4. Anonymous 11.45.You are quite wrong about DMTs having no effect on progression. I agree that holistic management of MS is important but it will be an adjunct with effective therapy."The key disability data that was presented at the American Academy Of Neurology's 64th Annual Meeting included that the average EDSS score for patients in the alemtuzumab group decreased over a period of 2 years to 0.17, suggesting an improvement in physical disability, whilst that of the Rebif group increased to 0.24, suggesting that their disability got worse. (p < 0.0001).29% of patients in the alemtuzumab group experienced a six-month sustained reduction in disability in comparison, with just 13% in the Rebif group (p=0.0002) at 2-years. Over a 2-year study period, EDSS measured that those in the alemtuzumab group had a 42% reduction in the risk of six-month sustained accumulation (worsening) of disability (SAD) as compared with Rebif (p=0.0084), which represents a highly important statistical outcome for this co-primary endpoint."This is 2 year data, it will be interesting to see whether this is maintained or increases over a longer time-frame.This blog is entirely free of any funding from Big Pharma.

  5. Today Natalizumab-induced autoimmune hepatitis in a patient with multiple sclerosisMult Scler. 2012 Oct 15. [Epub ahead of print]

  6. The so-called impressive data provided for alemtuzumab is slight to say the least. Any moderate improvements was only in less than half of patients. That's pathetic.A drug like alemtuzumab delivers a serious body blow to the human body, and to only benefit a tiny amount is terrible. It's almost irresponssible for a clinician to prescribe it. In a choice between alemtuzumab and CCSVI, I know which one I'd choose: Neither.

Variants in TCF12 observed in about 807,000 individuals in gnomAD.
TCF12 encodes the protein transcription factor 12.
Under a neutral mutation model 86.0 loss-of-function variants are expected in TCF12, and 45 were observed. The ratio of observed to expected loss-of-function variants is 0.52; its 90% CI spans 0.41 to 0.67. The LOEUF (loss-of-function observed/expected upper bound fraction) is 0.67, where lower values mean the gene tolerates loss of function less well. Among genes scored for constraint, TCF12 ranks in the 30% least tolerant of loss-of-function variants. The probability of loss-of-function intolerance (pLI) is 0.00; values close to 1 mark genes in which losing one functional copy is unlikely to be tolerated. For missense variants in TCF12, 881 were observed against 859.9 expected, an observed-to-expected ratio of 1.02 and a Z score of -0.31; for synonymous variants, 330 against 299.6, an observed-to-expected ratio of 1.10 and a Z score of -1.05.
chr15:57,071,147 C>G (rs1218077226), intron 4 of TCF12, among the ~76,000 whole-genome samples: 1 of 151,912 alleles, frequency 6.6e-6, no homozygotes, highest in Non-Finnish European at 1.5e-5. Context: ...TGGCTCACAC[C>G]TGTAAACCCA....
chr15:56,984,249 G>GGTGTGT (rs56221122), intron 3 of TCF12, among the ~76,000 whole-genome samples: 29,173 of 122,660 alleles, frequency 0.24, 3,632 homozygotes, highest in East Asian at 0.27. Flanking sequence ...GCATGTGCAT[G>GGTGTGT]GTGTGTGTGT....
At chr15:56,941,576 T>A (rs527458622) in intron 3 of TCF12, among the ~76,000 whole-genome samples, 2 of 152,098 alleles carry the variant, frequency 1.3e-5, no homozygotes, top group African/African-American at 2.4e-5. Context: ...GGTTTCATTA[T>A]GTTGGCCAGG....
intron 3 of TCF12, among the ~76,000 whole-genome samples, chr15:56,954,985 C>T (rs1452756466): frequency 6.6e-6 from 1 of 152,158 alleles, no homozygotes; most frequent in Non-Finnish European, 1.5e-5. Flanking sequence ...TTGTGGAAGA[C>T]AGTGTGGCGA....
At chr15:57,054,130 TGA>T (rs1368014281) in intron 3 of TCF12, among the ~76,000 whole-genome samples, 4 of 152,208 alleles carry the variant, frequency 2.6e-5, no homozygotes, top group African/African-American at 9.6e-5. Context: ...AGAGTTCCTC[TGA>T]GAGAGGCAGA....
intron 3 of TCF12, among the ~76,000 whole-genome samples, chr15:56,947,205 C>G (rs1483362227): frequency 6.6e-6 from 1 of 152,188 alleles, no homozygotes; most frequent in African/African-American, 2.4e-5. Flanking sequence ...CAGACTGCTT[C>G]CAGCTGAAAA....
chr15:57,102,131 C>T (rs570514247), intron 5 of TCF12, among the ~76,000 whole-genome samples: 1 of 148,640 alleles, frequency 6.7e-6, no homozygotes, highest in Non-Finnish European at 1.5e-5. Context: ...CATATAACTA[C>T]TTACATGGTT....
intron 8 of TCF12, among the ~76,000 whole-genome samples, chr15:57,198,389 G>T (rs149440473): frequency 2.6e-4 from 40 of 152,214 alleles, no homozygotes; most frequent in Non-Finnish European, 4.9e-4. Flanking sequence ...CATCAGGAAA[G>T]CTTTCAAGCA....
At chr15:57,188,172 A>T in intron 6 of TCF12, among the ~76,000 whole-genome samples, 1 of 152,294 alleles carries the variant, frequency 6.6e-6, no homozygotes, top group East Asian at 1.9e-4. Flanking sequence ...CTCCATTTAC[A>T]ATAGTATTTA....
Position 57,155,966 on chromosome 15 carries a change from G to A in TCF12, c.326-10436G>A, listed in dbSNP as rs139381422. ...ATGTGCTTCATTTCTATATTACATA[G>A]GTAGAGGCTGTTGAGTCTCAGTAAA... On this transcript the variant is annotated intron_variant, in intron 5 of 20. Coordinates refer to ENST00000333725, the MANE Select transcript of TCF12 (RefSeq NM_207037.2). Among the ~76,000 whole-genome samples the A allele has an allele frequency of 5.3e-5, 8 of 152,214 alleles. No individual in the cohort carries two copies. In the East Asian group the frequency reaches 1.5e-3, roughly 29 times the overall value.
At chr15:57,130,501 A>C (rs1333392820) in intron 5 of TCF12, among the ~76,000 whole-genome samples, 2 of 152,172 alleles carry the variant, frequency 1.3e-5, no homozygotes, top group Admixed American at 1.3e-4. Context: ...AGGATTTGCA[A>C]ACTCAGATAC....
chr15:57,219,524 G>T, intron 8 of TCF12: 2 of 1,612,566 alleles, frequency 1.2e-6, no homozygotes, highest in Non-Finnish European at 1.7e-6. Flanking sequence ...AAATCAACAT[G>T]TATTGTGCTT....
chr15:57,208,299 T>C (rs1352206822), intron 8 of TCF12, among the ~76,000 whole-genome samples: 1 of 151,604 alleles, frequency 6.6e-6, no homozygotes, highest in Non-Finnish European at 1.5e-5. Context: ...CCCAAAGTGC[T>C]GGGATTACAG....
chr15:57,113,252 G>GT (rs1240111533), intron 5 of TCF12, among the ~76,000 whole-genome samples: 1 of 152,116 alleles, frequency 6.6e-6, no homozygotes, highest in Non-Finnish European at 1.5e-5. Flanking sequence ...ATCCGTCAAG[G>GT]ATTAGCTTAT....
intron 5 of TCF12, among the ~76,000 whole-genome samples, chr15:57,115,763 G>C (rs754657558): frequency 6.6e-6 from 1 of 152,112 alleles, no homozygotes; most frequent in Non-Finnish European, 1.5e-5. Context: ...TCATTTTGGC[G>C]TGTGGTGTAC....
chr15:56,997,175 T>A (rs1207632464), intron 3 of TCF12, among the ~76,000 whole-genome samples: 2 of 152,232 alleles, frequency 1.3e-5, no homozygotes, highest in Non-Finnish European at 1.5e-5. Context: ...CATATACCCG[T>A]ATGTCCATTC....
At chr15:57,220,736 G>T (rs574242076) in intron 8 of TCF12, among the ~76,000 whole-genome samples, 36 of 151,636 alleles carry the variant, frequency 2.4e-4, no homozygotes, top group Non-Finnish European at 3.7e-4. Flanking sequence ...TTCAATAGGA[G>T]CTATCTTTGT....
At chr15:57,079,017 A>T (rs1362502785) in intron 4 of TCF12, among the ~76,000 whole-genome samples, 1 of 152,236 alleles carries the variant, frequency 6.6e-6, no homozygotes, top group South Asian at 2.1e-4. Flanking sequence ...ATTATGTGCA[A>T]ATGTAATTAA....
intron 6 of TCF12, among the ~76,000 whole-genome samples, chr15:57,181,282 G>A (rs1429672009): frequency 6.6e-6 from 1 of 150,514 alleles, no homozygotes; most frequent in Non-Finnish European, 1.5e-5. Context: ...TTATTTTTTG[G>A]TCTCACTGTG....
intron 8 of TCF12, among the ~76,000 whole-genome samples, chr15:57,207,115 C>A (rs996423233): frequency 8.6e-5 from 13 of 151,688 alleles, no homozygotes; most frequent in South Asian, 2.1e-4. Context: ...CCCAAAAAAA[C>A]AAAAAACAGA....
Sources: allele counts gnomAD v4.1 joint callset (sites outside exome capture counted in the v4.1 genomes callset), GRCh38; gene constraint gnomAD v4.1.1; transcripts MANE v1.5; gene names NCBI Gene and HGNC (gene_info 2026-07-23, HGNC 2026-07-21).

7. It seems there's varios sub-cultures emerging on yhis blog: Those that belive in CCSVI, others that support DMTs and a vocal minority that has no time for any of it – rather choosing a purer, holistic, hippie approach to dealing with MS.All of them are pretty extremist groups in terms of their ideology. We need a more balanced fourth group.

    1. The content of the BLOG is dictated by current research, there is not much of the fluffy stuff because no-one really supports that type of research. The DMT is the current trend in a few years it will be more and more progressive stuff and move forward again and it will be more and more repair stuff.

  8. You forgot the Progressive MSers, we should not forget themI think the CCSVIers are probably also a vocal minority, based on the result so far on the poll on CCSVI. Otherwise they are too busy commenting to vote perhaps:-)

  9. I think that those that are strong belivers in CCSVI got the wrong end of the stick if they think this i a blog for them and I do not quite get your point regarding DMT. Because that`s what this blog is all about for me.Seroius research regarding what`s causing MS, and different therapies. Education about different aspects of MS and scientific stuff that I as a layman have difficulties in understanding. So if you you think this is a battleground I`m not with you… For me this blog has served as a beacon. a light int the dark. Where I live you don`t often get to meet your neuro and as I Iive in a small community my neuro isn`t even a specialist in MS. I`m very grestful to those like Prof G and all the MDs that give some much of their time to this blog. It`s very frustrating to have MS but it doesn`t get better by bashing those trying their best to help us. //Swedish Sara